The stock market is not the only financial market where one can trade. Just as popular is the commodities market where physical goods (commodities like bullion, metals, etc.) are exchanged.

In this article, we will discuss about the marketplace of commodities trading. We’ll also delve into the benefits, limitations and types of commodities contracts.

What is the Commodity Market?

A commodity market is where investors trade in commodities like precious metals, crude oil, natural gas, energy, and spices, among others. Investors seeking diversification in their portfolio can explore commodities as an alternative to conventional investment avenues. This helps reduce risk and protects against rising prices in an economy.

There are five types of commodities:

  • Bullion: Gold, Silver
  • Metals: Aluminum, Brass, Copper, Lead, Nickel, Zinc.
  • Energy: Crude oil, Natural Gas.
  • Agricultural commodities: Black pepper, Cardamom, Castor seed, Cotton, Crude palm oil, Mentha oil, Palmolein, Rubber.
  • Live Stock: Live Cattle, Pork, and Feeder Cattle.

Commodity Exchanges in India

India has 22 commodity exchanges that have been set up under the Forward Markets Commission. The following commodity exchanges are popular choices for trading in India-

  1. Multi Commodity Exchange of India (MCX)
  2. Indian Commodity Exchange (ICEX)
  3. National Multi Commodity Exchange of India (NMCE)
  4. National Commodity and Derivative Exchange (NCDEX)

How Does a Commodity Market Work?

Suppose you bought a gold futures contract on MCX at ₹72,000 for every 100 gm. Gold’s margin is 3.5% on MCX. So, you will be paying ₹2,520 for your gold. Suppose that the following day, the cost of gold increases to ₹73,000 per 100 gm. ₹1,000 will be credited to the bank account you have linked to the commodity market. Assume that the day after, it drops to ₹72,500. Accordingly, ₹500 will be debited from your bank account.

How To Trade Commodities?

Investors can engage in commodity market investment using futures or options contracts. A futures contract requires individuals to agree to deliver a product at a later date for a set price, while an options contract is an agreement without the same level of obligation.

  • Futures Contracts

In futures contracts, sellers make agreements with buyers through brokers to buy a specified quantity of products at a predetermined price. If market prices decrease, sellers can make margin profits, and if prices rise, buyers or brokers can profit.

These trades are either overseen by a commodity exchange, known as exchange-traded futures contracts or occur without exchange oversight, known as over-the-counter trading.

  • Options contracts

Options contracts allow traders to invest in top commodities. In these agreements, traders have the right, but not the obligation, to buy or sell a commodity derivative at a fixed price. Commodity investment through options contracts enables individuals to profit from market fluctuations, as no obligation to buy or sell products is imposed on either party, depending on the type of options contract.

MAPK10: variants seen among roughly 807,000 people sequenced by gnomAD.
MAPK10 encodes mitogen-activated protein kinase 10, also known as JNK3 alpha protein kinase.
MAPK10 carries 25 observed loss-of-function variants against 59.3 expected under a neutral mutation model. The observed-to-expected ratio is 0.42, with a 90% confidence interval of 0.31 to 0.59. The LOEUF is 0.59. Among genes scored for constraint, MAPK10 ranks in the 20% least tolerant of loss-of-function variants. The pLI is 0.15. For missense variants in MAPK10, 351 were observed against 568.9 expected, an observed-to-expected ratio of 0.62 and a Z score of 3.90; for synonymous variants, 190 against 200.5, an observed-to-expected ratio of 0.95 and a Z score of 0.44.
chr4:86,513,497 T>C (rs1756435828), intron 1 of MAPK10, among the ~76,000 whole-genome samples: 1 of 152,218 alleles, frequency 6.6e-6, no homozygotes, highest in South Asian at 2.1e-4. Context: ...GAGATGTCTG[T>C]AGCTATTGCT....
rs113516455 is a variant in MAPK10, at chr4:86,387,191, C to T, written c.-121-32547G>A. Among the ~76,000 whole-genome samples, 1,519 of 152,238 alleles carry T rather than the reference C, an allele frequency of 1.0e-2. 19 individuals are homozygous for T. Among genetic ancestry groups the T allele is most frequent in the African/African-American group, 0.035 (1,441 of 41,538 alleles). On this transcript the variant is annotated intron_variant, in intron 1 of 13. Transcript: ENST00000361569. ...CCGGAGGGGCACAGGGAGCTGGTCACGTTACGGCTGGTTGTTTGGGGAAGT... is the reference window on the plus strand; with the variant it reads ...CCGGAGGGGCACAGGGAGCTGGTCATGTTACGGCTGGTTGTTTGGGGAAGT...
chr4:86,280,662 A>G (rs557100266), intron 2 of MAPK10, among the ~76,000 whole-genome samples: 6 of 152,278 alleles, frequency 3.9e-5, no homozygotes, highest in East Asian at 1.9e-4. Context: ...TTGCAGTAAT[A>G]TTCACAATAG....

Types of Traders in a Commodity Market:


Speculators constantly examine the costs of commodities in addition to forecasting the expected price changes. For instance, if a speculator predicts that the price of gold is to increase, they purchase the commodity futures contract. If the cost of gold subsequently grows, the trader will sell the contract for a higher price than the buying price.

If the speculator anticipates that the rate of gold will decrease, they sell their futures contract. Once the prices lower, speculators buy the contract again for a lower price than what they sold it for. This is how speculators make profits in both cases of market change.


Hedgers hedge their risk’  of commodities typically by trading in a commodity futures market. For instance, if the prices of wheat fall during the harvest period, the farmer will face a loss. The farmer can hedge this risk by entering a futures contract. In this case, when the price of his produce falls in his local market, the farmer can offset this loss by making profits through the futures market.

The opposite situation is when the cost of wheat increases during the harvest period. At this time, the farmer would encounter losses in the futures market. However, these losses can be compensated for by selling his produce for a higher cost in his local market.

Factors Determining Commodity Prices

  1. Market Demand and Supply: Market demand and supply for traded goods influence commodity prices. Increased demand can lead to short-term price rises, often due to a pessimistic outlook in the stock market, pushing investors towards safer investment options.
  2. Global Scenario: Global events can affect domestic commodity prices. For example, turmoil in Middle Eastern countries can impact crude oil prices, affecting both exports and domestic trading.
  3. External Factors: Any conditions affecting the production of traded goods can impact prices. Higher production costs can lead to higher selling prices and affect the equilibrium rate.
  4. Speculative Demand: Speculative investors can influence commodity prices. They aim to profit from price fluctuations by making predictions and closing contracts before expiration. They can choose either short or long positions based on their market assumptions.

Relationship Between Stock Market and Commodity Market

When the economy faces inflation, commodity prices surge whereas stock and bond values decline. For instance, during inflation, rising commodity prices on exchanges compel governments to elevate domestic lending rates.